The League of Women Voters of Toledo-Lucas County has received a grant from the Secor Fund to pay for the Clean Campaign Education Project, a program designed to teach political candidates and voters about ethical campaign techniques.
The grant totals nearly $20,000, said Sue Nichols, administrative vice president of the League.
The program is about “consciousness-raising,” Ms. Nichols said. “We are trying to get voters to be aware of the whole issue and urging them to use the power of their vote to support clean campaigners.
“So many people are turned off by the negative, nasty things that go on. Political researchers say that if we had issue-oriented campaigns rather than irrelevant personal attacks, more people would be interested,” she said.
The grant money will be used to pay for a Web site, bus advertising, a speakers bureau, and brochures aimed at helping voters evaluate political radio and television commercials.
This is the second election cycle in which the League will employ the clean campaign program. Last year, it established a committee that monitored the Toledo mayoral race between Democrats Ray Kest and Jack Ford, evaluating complaints and issuing regular reports as the campaign progressed.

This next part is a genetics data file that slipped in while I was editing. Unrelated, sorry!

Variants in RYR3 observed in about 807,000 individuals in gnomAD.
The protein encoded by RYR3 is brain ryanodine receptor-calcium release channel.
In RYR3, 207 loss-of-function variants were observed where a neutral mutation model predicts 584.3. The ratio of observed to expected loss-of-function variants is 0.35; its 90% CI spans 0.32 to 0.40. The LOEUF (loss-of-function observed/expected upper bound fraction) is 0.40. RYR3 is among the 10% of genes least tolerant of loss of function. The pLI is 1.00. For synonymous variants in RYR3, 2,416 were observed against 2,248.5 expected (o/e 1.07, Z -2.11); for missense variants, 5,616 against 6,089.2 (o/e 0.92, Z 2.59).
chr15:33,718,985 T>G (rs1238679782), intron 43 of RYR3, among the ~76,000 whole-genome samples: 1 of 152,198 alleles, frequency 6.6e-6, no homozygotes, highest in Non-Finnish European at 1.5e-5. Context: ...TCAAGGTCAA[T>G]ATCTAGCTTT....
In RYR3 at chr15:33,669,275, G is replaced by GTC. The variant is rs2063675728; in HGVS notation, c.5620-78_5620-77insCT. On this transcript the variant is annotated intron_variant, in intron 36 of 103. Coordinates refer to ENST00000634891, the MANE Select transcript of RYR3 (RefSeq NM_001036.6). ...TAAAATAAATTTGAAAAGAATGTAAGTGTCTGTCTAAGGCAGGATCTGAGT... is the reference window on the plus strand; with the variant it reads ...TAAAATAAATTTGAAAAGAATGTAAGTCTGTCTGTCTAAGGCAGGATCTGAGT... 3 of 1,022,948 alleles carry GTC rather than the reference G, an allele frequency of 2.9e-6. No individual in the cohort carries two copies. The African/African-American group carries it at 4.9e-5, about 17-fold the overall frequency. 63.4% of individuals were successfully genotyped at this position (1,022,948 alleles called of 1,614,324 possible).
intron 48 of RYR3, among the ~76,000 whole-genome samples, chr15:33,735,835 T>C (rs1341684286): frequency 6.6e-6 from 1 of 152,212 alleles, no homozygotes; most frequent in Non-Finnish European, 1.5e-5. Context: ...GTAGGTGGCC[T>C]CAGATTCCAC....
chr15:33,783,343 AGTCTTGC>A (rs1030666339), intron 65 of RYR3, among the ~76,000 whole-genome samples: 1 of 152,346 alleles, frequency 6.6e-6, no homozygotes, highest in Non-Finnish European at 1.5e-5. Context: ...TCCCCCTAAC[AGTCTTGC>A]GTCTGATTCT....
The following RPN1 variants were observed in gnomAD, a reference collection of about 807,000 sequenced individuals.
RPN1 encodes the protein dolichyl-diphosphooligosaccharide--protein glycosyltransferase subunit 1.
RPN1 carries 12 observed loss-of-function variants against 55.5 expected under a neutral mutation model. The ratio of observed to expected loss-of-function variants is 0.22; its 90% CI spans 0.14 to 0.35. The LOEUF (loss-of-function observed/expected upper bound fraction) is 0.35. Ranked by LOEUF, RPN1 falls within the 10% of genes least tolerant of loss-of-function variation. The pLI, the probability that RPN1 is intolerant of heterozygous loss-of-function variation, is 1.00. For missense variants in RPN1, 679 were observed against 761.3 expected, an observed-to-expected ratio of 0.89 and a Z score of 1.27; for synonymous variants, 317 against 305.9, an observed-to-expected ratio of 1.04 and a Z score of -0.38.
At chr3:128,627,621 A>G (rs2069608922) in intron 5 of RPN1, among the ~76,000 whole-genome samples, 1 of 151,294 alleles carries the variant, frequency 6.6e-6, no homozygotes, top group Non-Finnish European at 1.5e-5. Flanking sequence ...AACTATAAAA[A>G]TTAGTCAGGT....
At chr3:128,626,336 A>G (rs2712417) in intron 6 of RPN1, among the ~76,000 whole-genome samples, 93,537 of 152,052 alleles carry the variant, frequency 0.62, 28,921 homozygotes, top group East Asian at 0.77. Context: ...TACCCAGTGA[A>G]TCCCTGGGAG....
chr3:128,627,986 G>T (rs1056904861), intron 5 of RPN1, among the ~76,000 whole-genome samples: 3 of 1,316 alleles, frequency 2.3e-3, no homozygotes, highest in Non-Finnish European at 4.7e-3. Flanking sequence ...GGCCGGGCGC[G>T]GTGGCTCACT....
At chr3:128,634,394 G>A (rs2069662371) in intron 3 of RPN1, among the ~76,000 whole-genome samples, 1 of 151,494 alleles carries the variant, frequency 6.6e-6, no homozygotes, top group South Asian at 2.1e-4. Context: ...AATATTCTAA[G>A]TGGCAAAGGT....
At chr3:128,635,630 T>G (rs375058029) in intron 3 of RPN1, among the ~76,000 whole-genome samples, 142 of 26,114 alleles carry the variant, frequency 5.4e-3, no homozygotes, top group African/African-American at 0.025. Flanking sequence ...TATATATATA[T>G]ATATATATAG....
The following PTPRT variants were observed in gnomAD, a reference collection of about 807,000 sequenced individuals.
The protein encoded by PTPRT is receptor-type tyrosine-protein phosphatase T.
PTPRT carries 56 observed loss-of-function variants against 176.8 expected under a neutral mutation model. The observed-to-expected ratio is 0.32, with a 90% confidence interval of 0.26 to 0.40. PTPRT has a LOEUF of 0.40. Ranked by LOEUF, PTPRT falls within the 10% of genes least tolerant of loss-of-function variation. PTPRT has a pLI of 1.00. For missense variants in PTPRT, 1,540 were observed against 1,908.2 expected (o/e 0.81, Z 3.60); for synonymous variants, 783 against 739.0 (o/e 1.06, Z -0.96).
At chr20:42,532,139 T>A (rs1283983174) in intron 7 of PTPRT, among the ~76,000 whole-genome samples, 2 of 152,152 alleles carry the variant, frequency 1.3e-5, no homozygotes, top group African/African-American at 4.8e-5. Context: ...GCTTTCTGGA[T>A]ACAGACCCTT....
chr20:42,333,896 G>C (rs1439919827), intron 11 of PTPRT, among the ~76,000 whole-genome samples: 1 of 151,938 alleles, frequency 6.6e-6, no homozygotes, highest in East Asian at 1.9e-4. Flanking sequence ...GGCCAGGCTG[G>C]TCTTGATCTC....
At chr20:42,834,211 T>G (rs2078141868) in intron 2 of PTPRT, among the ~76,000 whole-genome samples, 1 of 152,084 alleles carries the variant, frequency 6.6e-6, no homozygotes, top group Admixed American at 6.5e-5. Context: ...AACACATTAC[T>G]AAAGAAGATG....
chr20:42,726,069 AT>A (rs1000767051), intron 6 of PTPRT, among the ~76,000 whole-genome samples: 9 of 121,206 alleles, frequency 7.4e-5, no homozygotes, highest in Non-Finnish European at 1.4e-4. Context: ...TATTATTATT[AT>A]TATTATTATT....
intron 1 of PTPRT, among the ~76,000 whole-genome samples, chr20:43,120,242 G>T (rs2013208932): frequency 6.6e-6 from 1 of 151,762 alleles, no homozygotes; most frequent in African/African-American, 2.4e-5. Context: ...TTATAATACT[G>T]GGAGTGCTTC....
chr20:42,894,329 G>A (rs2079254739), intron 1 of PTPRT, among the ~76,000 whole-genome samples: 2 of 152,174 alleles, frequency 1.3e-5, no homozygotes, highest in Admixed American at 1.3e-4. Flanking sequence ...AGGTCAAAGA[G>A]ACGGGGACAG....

Both Mr. Ford and Mr. Kest signed pledges to run clean campaigns. It was the first mayoral race in a major American city to be covered by such a pledge, according to Brad Rourke, vice president of the Institute for Global Ethics, based in Camden, Maine, which wrote the pledge in 1998.
Several candidates for local offices in Lucas County this year have signed similar pledges that were promoted by the League.
After the mayoral race, the monitoring committee met to discuss the experience and determined that, in addition to monitoring the behavior of candidates, “it was clear that voters needed to be convinced that issue-oriented campaigns are vital to providing sufficient information on which to base decisions when they go to the polls,” a news release from the League said.